No matter what you might think of SUVs, a huge number of car buyers seem besotted with the idea of sitting higher up and enjoying the versatility of an estate car in a vehicle with off-road capability. This has resulted in SUVs becoming the fastest growing segment of the car industry in recent years.
In fact it has got to the point where in an effort to fill every possible niche in the SUV firmament, car manufacturers are now busy creating SUV models at both ends of the size and price spectrum. Thus, while mainstream European, Japanese and Korean carmakers add smaller, more city friendly lifestyle vehicles at the bottom end of the market, the luxury marques are expanding into this segment at the top.
Until recently, this would have described the battle between Audi, BMW, Mercedes and Porsche against the establishment as represented by Range Rover. But now we are seeing previously unimaginable challenges from the likes of Aston Martin, Bentley, Lamborghini, and even Rolls-Royce, in a newly created niche above this.
While the concept cars from Aston Martin and the soon to be launched Lamborghini Urus promise relatively swoopy, low-slung vehicles in keeping with the sporting image of these brands, the Bentley and the forthcoming Rolls-Royce SUV present a more formal and imposing presence in league with their elevated status.
Nobody I met who commented on the Bentayga’s external appearance thinks it is attractive, but then no SUV sets out to be a beauty queen. By the same token nobody can say that the Bentagya is not instantly identifiable as a Bentley, and its presence and ‘Bentleyness’ are precisely the qualities that endow it with the gravitas required in this rarefied strata.
The flipside of the coin is the plush and exquisitely crafted interior that is admired by all and sundry. A traditional looking Bentley cabin whose design is more closely related to the four-door saloons from Crewe than the new Continental GT, it offers four or five people a very high level of comfort over distance. It also has up-to-date telematics with a large touchscreen controlling the infotainment system and other functions.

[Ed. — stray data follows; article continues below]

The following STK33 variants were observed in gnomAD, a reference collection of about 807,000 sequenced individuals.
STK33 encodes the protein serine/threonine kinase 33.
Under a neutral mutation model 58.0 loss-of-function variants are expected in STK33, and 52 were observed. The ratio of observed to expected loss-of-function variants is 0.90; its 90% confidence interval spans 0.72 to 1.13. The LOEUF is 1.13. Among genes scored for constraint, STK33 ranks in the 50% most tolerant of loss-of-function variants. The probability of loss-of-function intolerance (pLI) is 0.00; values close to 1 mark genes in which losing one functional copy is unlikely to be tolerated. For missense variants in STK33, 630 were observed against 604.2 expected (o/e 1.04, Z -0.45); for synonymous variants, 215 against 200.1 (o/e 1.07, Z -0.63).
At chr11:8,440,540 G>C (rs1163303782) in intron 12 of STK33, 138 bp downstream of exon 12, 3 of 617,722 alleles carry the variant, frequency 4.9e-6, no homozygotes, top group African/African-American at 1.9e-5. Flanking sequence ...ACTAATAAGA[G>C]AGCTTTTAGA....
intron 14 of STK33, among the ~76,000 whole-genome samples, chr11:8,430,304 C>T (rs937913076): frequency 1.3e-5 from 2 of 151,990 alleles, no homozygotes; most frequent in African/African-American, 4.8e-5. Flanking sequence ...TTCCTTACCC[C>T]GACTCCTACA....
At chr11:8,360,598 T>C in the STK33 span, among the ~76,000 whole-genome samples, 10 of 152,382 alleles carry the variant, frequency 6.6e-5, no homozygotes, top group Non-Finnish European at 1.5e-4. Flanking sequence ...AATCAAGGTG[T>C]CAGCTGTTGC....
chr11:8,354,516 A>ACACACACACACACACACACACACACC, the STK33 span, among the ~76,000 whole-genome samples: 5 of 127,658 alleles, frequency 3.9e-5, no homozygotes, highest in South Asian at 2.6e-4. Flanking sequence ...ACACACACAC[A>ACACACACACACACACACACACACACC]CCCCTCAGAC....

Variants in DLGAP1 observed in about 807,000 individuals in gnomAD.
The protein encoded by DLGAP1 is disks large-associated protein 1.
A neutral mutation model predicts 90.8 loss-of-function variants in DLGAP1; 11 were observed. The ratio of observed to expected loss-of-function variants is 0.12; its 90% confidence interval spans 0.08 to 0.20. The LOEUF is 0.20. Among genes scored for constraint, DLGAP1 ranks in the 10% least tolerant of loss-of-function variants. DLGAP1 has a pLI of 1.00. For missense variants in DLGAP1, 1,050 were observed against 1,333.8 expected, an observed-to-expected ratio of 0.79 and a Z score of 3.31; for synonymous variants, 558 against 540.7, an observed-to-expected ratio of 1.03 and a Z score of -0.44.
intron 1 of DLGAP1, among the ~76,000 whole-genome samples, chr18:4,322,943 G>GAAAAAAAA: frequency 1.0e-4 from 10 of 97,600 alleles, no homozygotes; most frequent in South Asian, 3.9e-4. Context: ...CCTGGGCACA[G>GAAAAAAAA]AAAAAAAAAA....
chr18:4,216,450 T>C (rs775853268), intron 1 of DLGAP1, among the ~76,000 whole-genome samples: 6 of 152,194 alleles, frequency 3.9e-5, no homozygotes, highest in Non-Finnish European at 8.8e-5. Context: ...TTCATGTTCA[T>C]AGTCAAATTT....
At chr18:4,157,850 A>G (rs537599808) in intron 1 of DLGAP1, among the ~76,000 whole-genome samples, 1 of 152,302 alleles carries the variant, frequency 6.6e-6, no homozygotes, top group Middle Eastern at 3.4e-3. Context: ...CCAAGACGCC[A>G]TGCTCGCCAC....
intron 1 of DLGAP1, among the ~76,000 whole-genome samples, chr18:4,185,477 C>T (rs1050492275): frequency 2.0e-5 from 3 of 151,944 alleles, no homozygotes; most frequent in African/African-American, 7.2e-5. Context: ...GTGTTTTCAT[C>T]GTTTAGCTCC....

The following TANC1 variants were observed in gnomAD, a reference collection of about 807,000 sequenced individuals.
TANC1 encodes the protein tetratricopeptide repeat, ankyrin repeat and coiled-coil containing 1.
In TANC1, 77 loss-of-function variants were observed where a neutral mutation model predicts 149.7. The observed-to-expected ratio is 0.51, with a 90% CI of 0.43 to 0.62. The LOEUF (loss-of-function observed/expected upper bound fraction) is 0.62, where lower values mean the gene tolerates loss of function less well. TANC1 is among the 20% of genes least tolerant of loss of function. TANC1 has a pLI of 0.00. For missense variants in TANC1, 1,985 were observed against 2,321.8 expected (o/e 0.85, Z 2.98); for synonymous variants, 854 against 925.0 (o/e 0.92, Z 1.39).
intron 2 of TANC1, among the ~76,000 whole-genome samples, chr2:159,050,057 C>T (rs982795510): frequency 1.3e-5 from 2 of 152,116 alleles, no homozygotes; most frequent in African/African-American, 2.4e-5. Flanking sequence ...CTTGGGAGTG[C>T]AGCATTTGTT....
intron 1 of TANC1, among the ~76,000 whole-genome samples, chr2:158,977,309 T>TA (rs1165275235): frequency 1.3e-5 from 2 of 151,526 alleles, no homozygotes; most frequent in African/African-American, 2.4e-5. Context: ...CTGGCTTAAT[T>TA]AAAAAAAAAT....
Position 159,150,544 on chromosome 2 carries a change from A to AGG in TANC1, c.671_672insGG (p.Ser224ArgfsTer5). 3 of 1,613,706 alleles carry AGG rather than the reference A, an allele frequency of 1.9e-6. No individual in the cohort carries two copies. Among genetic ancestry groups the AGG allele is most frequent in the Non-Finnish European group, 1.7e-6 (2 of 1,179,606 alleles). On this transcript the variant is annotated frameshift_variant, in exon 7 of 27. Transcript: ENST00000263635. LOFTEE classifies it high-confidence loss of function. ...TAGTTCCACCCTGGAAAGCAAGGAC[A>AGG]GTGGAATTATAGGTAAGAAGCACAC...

In the four-seat configuration of our test car the rear seats are also electrically adjustable, allowing their occupants to recline just enough to relax without compromising the 431 Litre boot space too much. In the five-seat version without the reclining seat feature the boot volume is 484 litres. With the seats folded flat in either variant the maximum cargo volume becomes 1,774 litres, which is equivalent to a large estate car.
In recent years, carmakers have been breaking a few taboos in the interest of market share, and one of these is sporting marques like Porsche adopting diesel power for their SUV and saloon models.
Providing it is refined enough a powerful, torque-rich turbo-diesel is a natural partner for a big, heavy SUV, even if it makes the Bentayga V8 diesel 32kg heavier than its W12 petrol-engined sister. The diesel has bespoke control software for its air suspension, active damping and active anti-roll bars aimed at giving it the slightly softer character that Bentley thinks will best suit its clientele.
The VW Group’s ‘triple charged’ 4.0 litre V8, which uses its 48-volt electrical system to provide initial boost while the two mechanical turbochargers spool up is very refined indeed and offers crisp throttle response and copious torque from just off idle. It is even quite sporty sounding when working hard.
As you would expect, the diesel engine is far more efficient, returning an average fuel consumption of just 8.0 L/100km (35.3 mpg), versus 13.1 L/100km (21.6 mpg) for the W12 petrol version. And so the first heavy oil burning model in the illustrious history of the Bentley marque arrives with minimal downside in real world performance, but a substantial saving of around £26,000 in the UK and a huge advantage at the fuel pumps.
Also used in the Audi Q7 and Cayenne S, this turbo-diesel has been suitably fettled by the Bentley engineers and ends up a perfect match for their super luxury off-roader. It does all this with exactly the same silky smooth eight-speed automatic as the W12 version.
From the well insulated cabin, which benefits from intelligent engine mounts and more engine bay and transmission tunnel soundproofing than the petrol version, there is no inkling at all that a compression-ignition motor resides under the long prow.